It’s hard not to talk about the fires in Australia. A developed economy on a 28 year run of growth, facing costs for damage of over AUS$5 billion, struggling to fund its own public services to manage the disruption. Note the variety of charity events to cover the costs including cricket matches, music festivals, and auctions of memorabilia.
If ever the cost of labour was out of sync with the value to society it is surely demonstrated by the volunteer firemen quelling flames, and environmentalists saving the unique species of plants and animals in Australia.
These fires will have far-reaching consequences that go beyond the country’s balance sheet, not least for food exports and diminished tourism. It looks like it’s falling into the vicious cycle of needing a boost in exports, enter coal stage left, but an armistice with rising temperatures, exit coal stage right. A classic Catch 22, or a nightmarish revolving door?
When a mature and prosperous economy, such as Australia’s, is struggling to cope with the cost of climate impacts then perhaps we should all start worrying. To be fair, we’ve known for a while that climate impacts are a significant risk to our economies and global financial stability. It’s just there’s been a lack of political will to change the rules of the finance game to manage the risk, especially since regulatory changes from the last financial crisis are still embedding. But with every shock, as we see right now in Australia, there is a window for change, and change there must be.
Climate Change and Financial Crisis
In October 2019 the Stanley Center for Peace and Security hosted its 65th Strategy for Peace Conference. E3G’s very own Claire Healy, Programme Leader for Climate Diplomacy, chaired the two-day roundtable on Financial Crisis and Climate Change. At that time we were panicking about forest fires in Brazil as environmental and commercial interests clashed in front of the entire world. The environment lost by a knockout.
The roundtable featured a spectrum of minds and specialisms ranging from the US Green New Deal, to EU Sustainable Finance to South East Asia. The group explored the opportunity for wholesale change presented in the event on financial crisis including regulatory, monetary and fiscal policy changes to create a global financial system robust enough to face a climate challenged world. It culminated in the drafting of a ‘playbook’ for decision-makers which, depending on the type of crisis the global financial system faces, can be tailored to suit a variety of needs, but chiefly the need to create a fairer, more equal society that is resilient to the impacts of climate change. There can be no going back to the solutions of old, like investing in fossil assets to bounce back and make a quick buck. The future is clean investment, fairer economies, and an acute understanding of the materiality of climate risk to capital.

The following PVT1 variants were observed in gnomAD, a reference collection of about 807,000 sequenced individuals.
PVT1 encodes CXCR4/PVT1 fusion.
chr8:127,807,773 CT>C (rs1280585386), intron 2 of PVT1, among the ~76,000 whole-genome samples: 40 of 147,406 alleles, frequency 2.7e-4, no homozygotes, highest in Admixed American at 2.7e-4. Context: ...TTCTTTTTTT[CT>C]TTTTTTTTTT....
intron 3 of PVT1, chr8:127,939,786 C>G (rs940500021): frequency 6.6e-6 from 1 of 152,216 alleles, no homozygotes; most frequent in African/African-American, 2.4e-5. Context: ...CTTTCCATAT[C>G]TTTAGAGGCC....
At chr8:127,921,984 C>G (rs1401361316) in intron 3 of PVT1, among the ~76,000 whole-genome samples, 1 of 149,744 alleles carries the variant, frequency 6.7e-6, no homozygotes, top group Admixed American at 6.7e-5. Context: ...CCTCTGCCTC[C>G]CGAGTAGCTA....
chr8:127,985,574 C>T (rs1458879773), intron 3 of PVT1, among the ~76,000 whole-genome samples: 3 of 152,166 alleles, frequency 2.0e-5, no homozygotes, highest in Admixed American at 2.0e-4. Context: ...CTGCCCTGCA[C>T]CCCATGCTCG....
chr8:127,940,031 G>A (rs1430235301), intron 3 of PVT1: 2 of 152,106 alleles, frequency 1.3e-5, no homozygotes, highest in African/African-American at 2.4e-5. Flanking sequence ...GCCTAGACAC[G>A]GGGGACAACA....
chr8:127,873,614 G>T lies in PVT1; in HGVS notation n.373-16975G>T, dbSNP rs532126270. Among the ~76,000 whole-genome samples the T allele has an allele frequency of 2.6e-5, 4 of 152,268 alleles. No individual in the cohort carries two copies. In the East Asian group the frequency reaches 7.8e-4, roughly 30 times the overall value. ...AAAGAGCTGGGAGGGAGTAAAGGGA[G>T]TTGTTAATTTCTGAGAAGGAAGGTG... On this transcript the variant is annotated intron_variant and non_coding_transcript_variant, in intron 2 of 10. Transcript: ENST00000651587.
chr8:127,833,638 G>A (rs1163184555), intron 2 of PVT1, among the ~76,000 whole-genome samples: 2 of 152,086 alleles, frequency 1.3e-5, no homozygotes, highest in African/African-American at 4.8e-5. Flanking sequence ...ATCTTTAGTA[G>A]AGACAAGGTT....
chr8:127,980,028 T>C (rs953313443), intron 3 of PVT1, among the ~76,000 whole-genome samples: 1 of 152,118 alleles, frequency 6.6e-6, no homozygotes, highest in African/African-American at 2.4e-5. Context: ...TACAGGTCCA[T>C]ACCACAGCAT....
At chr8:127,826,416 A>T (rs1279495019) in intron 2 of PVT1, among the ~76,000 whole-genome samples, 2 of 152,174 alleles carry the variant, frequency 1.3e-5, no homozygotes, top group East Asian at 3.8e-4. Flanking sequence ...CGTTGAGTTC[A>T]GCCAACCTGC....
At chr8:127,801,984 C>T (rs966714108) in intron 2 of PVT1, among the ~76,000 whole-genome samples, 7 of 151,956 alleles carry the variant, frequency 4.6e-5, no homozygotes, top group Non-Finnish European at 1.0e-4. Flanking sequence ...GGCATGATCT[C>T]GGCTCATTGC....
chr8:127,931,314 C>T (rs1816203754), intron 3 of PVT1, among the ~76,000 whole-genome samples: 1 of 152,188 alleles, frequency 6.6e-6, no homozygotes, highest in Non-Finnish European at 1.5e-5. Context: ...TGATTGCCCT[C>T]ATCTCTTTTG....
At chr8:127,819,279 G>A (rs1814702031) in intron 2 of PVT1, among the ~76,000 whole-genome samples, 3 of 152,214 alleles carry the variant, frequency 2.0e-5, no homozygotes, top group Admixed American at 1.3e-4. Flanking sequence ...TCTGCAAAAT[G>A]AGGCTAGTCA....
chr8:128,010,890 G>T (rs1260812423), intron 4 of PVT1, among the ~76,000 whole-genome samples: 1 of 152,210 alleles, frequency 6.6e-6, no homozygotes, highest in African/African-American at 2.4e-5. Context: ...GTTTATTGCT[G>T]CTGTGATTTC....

In our draft playbook, due out in the coming weeks, you can find reams of policy suggestions for central banks and governments. Some of these are rough diamonds needing a little refinement, others should be automatic ice breakers the next time you see one of the decision makers we’re reaching out to down the shops. They’re split into three sections:
- Changing the rules for a fair, just and 1.5°C aligned global economy;
- Guiding financial stimuli for green and fair economies;
- Structural changes to end the fossil fuel habit.
Physical climate impacts are worsening and instead of collaborative effort, we’re finding more stalemate and gaming between country leaders. This doesn’t have to be the case. Our playbook shows real action can be taken now to drive change and develop economies at the same time. And it shouldn’t take an economic crisis or even striking schoolchildren to drive that action.
Think of the grand work of the International Monetary Fund integrating climate risk into their macroeconomic surveillance – what on earth would that look like for Australia right now? In the decision-maker circles, think of the Coalition of Finance Ministers, or the Network for Greening the Financial System, as being like the pressure groups which can pull leaders of countries like Australia along, and scale national level economic solutions at pace. They are integral to enacting proposals such as those in our playbook, addressing climate change and developing a better global economic and financial system. Financial Risk is continuing to build in the system, we need interventions now or the financial system will fan the flames.